Maranello - “I had an unusual experience on Monday – driving a Formula 1 car away from a race weekend! With the ban on in-season testing, the time between races will usually involve quite a lot of talk with the engineers in Maranello about what is planned for the car for the following races, but no actual driving. This time however, with our test driver Marc Gene having just finished competing in and winning the Le Mans 24 Hours, I was given the job of sitting behind the wheel for an aerodynamic test at Fiorano. I say “sitting behind the wheel” rather than driving, because to be honest, it’s not the most interesting thing for a driver and you are a more like a robot, simply driving the car up and down in straight lines. But, it’s very important for the team and the development of the car, so I was more than happy to do it. Just driving up and down a straight means you cannot give the engineers much feedback as to how the car feels, but by changing front wings for example and looking at the telemetry data, you can compare it to data gathered in the wind tunnel and see if the numbers match, which means you are on the right track.
“On paper, this weekend’s British Grand Prix takes place at a track with some similarities to the last race in Istanbul, where we were not so competitive: this weekend’s track also features fast corners, flowing sections and a final slow sector and we will have the same two types of tyre from Bridgestone, but that doesn’t mean I think we will struggle as much as we did a fortnight ago. For a start, the new components we have on the car this weekend, including a front wing and a lighter chassis, should make us more competitive. But, more importantly, in Turkey we went backwards over the course of the weekend, after being very competitive on Friday and on Saturday morning. We now know why that happened, which is the most important thing: we believe that with the very high track temperatures, we ran too low on the downforce and should have run with more rear wing, because as the temperature rises, the grip from the tyres went down and we needed to compensate for that. As the temperature gradually got higher, our cars were running slower and slower in the first sector of the track; the one where you need the most downforce. In other words, the problem we had was related to the way we worked, rather than any specific fault on the car.
“So I think we can be more competitive this weekend, with these changes to the car. Apparently this is the last time we will race at Silverstone and I have to say that I have always enjoyed racing here, even if my track record is nothing special, especially in the wet and if you think back to last year, I had a terrible afternoon in the rain. All the same, it is a nice track and I hope that where we go next for the British Grand Prix will be as good as Silverstone in terms of its layout and the pleasure it provides in terms of driving. I’m heading to the UK today Tuesday, straight from Maranello, as I am attending an event in London for Shell, which is fine for me, as I enjoy spending time in London and then I will head up to Silverstone on Thursday.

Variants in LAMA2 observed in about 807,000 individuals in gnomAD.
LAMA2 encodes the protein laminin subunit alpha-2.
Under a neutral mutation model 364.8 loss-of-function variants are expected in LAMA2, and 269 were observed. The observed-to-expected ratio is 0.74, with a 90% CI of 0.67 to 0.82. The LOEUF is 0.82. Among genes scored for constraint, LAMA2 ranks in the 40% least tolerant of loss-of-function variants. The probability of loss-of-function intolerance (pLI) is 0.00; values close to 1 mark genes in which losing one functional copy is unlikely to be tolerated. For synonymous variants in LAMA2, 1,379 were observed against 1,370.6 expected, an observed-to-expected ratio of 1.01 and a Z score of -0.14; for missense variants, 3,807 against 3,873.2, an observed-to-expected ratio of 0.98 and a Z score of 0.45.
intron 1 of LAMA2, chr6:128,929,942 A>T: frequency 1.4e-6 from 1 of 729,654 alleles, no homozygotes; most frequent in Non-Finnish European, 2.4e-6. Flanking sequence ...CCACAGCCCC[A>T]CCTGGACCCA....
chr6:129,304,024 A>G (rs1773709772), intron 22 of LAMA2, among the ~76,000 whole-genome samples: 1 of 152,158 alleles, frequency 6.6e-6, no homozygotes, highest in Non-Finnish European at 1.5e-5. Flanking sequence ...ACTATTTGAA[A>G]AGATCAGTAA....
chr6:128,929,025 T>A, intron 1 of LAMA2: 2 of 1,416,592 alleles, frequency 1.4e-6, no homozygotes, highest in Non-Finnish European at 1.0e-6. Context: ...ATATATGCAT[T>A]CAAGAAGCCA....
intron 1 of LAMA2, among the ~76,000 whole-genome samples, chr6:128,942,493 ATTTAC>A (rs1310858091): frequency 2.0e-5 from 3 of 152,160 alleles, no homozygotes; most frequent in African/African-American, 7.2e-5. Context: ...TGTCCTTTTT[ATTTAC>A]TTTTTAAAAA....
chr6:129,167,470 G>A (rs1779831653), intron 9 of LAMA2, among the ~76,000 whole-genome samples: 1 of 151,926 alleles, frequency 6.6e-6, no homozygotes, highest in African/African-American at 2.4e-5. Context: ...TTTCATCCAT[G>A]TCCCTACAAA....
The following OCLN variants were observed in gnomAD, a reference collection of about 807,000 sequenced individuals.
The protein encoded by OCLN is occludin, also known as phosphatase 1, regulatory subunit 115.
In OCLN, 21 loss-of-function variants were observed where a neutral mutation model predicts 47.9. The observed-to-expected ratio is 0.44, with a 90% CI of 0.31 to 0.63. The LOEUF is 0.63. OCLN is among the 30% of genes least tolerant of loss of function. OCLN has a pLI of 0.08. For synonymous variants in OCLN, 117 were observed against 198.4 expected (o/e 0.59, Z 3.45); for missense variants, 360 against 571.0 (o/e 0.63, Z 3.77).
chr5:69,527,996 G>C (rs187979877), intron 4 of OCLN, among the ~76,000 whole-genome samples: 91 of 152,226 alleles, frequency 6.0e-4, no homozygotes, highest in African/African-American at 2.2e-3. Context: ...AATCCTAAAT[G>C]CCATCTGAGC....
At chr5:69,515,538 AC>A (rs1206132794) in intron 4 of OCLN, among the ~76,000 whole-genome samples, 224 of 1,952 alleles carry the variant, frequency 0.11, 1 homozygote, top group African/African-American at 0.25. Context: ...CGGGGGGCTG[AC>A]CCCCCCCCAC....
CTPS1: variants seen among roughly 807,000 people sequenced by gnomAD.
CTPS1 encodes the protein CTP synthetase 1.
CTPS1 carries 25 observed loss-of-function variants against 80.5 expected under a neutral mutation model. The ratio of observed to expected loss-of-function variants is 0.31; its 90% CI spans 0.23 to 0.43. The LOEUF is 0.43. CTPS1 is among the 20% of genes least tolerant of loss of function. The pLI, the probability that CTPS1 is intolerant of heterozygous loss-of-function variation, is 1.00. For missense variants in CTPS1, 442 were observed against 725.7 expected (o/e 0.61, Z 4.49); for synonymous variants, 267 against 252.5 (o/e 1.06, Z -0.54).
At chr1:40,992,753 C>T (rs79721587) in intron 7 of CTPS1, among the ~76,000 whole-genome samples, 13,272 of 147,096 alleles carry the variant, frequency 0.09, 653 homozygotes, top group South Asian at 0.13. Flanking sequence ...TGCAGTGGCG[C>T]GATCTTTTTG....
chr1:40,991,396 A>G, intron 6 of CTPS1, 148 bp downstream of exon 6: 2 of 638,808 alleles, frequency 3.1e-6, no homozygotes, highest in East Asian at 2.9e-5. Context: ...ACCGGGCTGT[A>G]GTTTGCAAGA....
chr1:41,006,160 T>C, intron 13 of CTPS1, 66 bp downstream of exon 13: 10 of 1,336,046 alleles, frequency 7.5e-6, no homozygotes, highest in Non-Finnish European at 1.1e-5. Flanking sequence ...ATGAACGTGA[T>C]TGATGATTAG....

“Whatever happens on the race track this weekend, the current political situation in the sport is bound to be making the headlines again. When I am driving the car, I never think about it and simply concentrate on my job of driving as quickly as possible, but outside the cockpit, I think about these problems, as they do affect me, as the relate to my future and the future of Formula 1. We are all very concerned about the situation and I follow the developments closely, as it affects my professional life, even if I can have no real influence over how the situation evolves: that’s down to the people who govern the sport and those in charge of the teams. We need our sport to be in better shape, because over the past few months there have been some very stupid fights. Everyone needs to work hard to make the sport what it should be for the fans, the teams, the sponsors and the drivers. We don’t need this fighting. The situation looks bad at the moment, but if agreement can be reached then it can have a healthy future. If not, then we need to look seriously at what is the best option: as the teams appear to be united, then maybe it is time to look at doing something different that could be better for the sport.”